"Of all the paths you take in life make sure a few of them are dirt" US Forest Sevice

Showing posts with label Santa Inez Mountains. Show all posts
Showing posts with label Santa Inez Mountains. Show all posts

Tuesday, March 29, 2016

Our revisiting places we've worked tour -Santa Barbara

When we started our traveling, I never thought there would be time to return to many of the places we had visited. Looks like I was wrong. It is fun to be returning now and reminiscing.

This is an old ranch that was built as a hunting lodge and weekend retreat. During the years 1910-1920, Santa Barbara, not Hollywood, was the center of California’s growing silent film industry. The famous Flying A Studios were located in Santa Barbara. Many silent film stars such as Charlie Chaplin and Buster Keaton were regular visitors to the E.W. Ranch, where they lounged at the pool, ate steaks in the Stone Lodge, and put on impromptu skits by the Pavilion.  high in the Santa Inez mountains along the river.
That would have been quite a sight.

When we lived in Santa Barbara in the spring of 2007, our morning bike rides were pretty chilly. That hadn't changed. We waited until after lunch to venture out.

The winds were blowing but the surfers were still out there with a couple of swimmers in wetsuits.

Another place that I worked briefly. This was not a favorite.

Do we look like we are pondering our lives.

We always enjoyed the bike ride through Montecito to Carpenteria but the winds were pretty rough this time. The gusts were 40 mph. We should have gone to Goleta and let the winds push us back. NOoooo we went the easy way first. My calves were pretty sore when I woke at night.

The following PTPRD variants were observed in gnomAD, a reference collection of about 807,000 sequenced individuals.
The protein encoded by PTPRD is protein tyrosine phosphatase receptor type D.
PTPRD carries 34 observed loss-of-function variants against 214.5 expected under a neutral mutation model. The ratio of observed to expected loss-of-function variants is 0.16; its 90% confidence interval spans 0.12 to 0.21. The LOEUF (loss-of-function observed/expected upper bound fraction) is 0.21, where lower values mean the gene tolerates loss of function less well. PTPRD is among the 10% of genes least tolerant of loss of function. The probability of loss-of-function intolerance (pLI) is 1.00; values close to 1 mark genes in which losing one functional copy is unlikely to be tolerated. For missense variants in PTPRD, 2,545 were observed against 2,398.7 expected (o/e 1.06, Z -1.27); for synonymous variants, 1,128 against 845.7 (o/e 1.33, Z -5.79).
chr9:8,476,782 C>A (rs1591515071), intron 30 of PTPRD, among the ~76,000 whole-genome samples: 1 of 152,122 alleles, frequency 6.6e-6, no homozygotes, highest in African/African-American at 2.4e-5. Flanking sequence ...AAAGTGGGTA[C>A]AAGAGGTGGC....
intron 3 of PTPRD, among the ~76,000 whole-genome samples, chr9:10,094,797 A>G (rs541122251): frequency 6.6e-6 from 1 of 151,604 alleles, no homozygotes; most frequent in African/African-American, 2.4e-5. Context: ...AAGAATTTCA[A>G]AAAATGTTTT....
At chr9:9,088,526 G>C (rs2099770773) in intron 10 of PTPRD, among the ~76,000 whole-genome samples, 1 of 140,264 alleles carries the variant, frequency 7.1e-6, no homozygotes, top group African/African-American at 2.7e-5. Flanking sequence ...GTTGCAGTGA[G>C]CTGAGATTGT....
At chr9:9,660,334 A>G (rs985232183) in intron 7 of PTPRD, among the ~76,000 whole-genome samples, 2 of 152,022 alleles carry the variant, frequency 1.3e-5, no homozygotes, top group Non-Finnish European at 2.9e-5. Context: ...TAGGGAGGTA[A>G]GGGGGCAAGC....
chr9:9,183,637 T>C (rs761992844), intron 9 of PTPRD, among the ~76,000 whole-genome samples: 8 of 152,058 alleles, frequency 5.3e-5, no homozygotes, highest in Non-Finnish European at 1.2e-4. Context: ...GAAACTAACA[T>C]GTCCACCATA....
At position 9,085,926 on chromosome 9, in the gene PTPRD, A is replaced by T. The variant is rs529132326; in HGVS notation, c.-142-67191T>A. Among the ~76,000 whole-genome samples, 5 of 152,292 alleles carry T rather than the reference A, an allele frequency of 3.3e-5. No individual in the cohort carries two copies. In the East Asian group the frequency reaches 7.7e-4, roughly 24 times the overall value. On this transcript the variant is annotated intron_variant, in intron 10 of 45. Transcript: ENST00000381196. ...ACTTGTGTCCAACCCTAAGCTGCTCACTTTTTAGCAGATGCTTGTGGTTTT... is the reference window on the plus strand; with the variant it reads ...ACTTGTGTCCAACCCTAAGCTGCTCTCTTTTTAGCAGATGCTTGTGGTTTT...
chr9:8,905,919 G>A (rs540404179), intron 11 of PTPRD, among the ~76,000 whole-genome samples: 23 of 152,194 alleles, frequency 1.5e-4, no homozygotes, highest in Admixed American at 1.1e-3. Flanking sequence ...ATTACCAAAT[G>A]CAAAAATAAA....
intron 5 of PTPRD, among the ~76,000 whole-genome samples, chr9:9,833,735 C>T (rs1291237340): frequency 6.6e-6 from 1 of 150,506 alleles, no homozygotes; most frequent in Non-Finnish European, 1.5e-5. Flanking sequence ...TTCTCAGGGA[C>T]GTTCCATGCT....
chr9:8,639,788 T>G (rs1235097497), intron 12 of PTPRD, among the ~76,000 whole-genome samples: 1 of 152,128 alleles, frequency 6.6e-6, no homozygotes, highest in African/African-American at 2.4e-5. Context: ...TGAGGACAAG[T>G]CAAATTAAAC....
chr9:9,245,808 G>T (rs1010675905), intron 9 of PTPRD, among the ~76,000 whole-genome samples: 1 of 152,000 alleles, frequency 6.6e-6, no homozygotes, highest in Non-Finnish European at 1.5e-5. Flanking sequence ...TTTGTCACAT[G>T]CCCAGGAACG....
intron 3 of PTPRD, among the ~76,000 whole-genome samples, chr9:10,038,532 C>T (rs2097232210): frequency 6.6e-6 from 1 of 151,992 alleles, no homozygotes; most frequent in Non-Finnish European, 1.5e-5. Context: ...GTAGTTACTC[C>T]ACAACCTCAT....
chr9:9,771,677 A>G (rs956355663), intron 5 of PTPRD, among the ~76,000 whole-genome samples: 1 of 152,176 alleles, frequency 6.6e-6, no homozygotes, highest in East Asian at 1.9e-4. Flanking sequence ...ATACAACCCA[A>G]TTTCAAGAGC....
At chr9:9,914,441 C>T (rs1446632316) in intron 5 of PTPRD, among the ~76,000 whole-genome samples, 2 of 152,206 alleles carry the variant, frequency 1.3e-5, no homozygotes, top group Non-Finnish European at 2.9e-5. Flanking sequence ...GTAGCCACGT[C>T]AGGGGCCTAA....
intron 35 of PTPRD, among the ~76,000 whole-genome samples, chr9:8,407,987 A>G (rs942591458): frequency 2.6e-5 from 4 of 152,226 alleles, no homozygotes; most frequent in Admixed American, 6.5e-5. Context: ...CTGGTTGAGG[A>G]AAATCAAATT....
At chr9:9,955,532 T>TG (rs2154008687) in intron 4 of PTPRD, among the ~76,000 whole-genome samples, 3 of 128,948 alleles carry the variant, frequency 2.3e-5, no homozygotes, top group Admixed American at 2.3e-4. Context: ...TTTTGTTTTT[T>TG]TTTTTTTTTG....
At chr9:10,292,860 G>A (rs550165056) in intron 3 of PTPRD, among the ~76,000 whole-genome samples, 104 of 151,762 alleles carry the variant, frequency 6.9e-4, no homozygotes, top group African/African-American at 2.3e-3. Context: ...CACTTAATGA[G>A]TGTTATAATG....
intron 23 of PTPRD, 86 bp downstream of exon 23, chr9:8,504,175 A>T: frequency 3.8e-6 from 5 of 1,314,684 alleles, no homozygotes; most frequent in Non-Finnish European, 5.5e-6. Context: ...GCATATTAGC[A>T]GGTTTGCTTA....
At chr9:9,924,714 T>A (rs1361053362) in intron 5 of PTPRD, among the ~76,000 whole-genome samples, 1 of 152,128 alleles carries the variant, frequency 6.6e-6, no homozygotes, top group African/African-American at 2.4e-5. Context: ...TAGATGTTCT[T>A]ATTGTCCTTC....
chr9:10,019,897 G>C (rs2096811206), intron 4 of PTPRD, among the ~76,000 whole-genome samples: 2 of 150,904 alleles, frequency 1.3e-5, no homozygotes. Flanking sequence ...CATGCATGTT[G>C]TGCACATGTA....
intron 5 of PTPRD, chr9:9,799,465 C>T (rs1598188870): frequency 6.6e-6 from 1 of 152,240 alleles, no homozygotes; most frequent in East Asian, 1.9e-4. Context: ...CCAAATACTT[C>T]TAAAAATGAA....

Santa Barbara Harbor


In 1868 this tavern was known as "Cold Springs Relay Station". It was the half way stop between "Mattel's Tavern" to the north, and Patrick Kinevan's "Summit House" to the south.

In those days sturdy stagecoaches know as "mudwagons" traveled the rugged San Marcos Pass. It was here horses were changed and passengers rested and enjoyed the noon day meal.

The Ojai Jail which was built by Andrew Van Curen in 1873.  Mr. Van Curen was the sheriff in Ojai for a very long time.  When he retired he offered his jail (which he built on his property) to the city of Ojai at least three times but, for whatever reason, they did not accept his offer.  Audrey, on the other hand, accepted the first time! 

The prices seemed reasonable. This is California.

               Thee old "Road Gang House" where the Chinese Road Gang bunked when they built the Toll Road through the rugged San Marcos Pass in 1868. 

Love the old cash register.